Corn: Corn futures finished high-range with gains of 6 1/2 to 7 1/4 cents through the July 2020 contract. Traders reacted to the unexpected three-point drop in USDA’s crop condition ratings Monday afternoon with corrective gains. Reports China may follow through with more purchases of U.S. ag goods to strengthen trade negotiations allowed the market to finish high-range. That sets the market up for potential followthrough buying overnight. The drop in crop ratings and improved Chinese trade hopes were little more than reasons for traders to cover short positions as they prepare for Thursday’s September crop reports from USDA. With funds heavily short the corn market, it wouldn’t be surprising to see them cover more short positions tomorrow, especially since the corn crop estimate and new-crop ending stocks are expected to be lower than last month.
Soybeans: November soybeans closed up 14 1/4 cents at $8.72. December soybean meal futures gained $4.10 at $298.10. December bean oil ended up 8 points at 28.53 cents. Prices closed nearer their daily highs in all three markets. Short covering was featured today, likely due in part to upbeat comments late Monday on the U.S.-China trade talks from U.S. Treasury Secretary Steven Mnuchin. “I think the enforcement area we at least have a conceptual, an agreement on,” he told Fox Business Network. But he added that President Donald Trump has no problem keeping heavy tariffs on Beijing if a deal can’t be reached. Also positive today is USDA’s daily export sales reporting service announcing sales of 138,000 MT of soybeans for delivery to Mexico during the 2019-20 marketing year and 195,750 MT of soybean meal to Mexico. In Brazil, significant rainfall is not forecast away from Rio Grande do Sul over the next 14 days, limiting soybean planting because widespread drought already exists. Rains will also remain limited on dry Argentina sunflower areas, though some fell over the last 24 hours. The USDA crop condition rating for soybeans held steady last week at 55% rated “good” to “excellent.”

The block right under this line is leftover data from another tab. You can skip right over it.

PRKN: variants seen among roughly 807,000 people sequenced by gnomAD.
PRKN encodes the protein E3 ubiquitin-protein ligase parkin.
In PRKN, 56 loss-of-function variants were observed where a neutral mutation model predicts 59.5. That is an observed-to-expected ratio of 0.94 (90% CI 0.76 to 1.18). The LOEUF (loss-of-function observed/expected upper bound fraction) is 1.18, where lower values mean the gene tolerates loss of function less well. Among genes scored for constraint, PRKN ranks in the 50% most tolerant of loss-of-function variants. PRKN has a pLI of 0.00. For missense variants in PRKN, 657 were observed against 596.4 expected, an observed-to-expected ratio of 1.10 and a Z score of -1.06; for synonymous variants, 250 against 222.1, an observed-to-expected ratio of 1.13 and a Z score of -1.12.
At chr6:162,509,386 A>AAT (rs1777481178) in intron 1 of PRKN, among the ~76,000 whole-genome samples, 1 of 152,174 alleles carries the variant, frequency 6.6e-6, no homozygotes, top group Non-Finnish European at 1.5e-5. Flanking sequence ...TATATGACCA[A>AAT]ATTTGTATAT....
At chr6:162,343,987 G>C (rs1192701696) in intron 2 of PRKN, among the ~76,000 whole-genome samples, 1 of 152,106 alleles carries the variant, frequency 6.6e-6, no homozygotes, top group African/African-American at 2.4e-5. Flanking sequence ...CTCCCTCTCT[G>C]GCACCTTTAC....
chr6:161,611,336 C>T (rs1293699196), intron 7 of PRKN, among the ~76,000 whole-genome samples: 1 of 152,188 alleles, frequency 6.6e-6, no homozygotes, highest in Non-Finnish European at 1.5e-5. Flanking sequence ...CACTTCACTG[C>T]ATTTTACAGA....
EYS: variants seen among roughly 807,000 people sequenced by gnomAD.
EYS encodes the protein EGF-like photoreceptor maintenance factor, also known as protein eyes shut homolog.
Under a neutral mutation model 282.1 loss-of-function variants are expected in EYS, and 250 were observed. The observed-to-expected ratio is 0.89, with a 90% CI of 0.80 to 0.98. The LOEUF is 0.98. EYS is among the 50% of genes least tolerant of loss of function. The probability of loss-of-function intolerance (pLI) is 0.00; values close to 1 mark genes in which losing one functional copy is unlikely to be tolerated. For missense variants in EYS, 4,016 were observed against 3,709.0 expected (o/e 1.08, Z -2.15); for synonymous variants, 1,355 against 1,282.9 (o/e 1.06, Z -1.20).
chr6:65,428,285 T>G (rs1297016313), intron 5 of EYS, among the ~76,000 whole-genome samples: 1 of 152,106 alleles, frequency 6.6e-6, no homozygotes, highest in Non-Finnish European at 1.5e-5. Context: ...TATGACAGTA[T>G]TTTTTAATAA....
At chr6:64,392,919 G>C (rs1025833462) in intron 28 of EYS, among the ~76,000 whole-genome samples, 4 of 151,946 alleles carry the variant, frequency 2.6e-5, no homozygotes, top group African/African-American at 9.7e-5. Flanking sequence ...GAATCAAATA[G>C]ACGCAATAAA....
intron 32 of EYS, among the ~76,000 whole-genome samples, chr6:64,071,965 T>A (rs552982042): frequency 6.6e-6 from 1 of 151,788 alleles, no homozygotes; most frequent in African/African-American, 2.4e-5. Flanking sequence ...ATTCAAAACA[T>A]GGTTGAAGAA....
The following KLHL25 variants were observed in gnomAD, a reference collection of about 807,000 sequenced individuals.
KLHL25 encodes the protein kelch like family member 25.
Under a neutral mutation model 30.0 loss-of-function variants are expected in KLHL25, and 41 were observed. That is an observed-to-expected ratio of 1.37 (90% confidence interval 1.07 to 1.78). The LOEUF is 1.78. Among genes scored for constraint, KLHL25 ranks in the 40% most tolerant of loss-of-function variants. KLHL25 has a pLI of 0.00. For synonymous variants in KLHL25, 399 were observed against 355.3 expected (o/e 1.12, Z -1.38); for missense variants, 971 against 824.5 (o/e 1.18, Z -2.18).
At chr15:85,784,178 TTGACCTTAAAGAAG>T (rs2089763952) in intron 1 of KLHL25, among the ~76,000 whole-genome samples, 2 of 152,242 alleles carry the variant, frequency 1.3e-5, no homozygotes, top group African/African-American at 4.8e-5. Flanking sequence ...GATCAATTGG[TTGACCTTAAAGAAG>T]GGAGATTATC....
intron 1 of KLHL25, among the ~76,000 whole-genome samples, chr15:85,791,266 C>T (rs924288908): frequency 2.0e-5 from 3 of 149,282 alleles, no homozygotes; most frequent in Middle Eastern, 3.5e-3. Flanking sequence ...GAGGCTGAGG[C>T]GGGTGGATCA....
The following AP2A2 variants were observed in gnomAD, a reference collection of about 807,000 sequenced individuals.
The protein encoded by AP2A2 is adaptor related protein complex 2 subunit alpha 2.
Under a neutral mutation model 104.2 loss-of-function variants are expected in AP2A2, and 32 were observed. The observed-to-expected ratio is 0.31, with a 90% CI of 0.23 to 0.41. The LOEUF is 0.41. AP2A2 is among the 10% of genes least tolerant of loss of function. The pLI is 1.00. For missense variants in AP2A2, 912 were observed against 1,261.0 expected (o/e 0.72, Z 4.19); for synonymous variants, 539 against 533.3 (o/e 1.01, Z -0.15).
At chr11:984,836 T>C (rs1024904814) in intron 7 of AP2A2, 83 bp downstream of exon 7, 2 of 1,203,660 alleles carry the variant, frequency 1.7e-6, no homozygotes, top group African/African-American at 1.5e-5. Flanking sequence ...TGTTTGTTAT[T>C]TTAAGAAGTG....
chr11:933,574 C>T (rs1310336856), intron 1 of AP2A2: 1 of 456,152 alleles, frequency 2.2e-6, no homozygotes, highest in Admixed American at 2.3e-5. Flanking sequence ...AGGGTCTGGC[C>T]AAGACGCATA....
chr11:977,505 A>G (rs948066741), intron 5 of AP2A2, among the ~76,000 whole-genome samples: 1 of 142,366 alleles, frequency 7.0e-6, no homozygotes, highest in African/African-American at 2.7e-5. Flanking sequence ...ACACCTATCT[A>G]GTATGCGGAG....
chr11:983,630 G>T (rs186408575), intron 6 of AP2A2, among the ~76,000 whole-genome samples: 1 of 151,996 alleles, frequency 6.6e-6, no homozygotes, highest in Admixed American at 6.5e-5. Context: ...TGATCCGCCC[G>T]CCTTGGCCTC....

Wheat: December SRW wheat closed up 7 3/4 cents at $4.82 1/4 today, while December HRW futures gained 5 3/4 to $4.03 3/4. The SRW contract hit a four-week high today. This week’s price gains suggest the global wheat markets may be near seasonal bottoms. The market’s rally this week also comes on lower Australian crop forecasts and dry weather threatening yield potential in Argentina. Still, U.S. supplies face abundant global supply competition that will limit price upside in the coming weeks. South Korea bought 76,000 MT of various classes of U.S. wheat for delivery in December and January. France's farm ministry on Tuesday increased its estimate of the country's 2019 soft wheat harvest to 39.45 million tons from 38.2 million seen a month ago, confirming that the EU's top grain grower had gathered one of its biggest-ever wheat crops. The revised soft wheat production estimate was up nearly 16% compared with last year's volume and would be the second largest on record after 2015. The weekly USDA crop progress report saw U.S. spring wheat at 71% harvested versus 87% average for this date and there is some more rain in the forecasts later this week.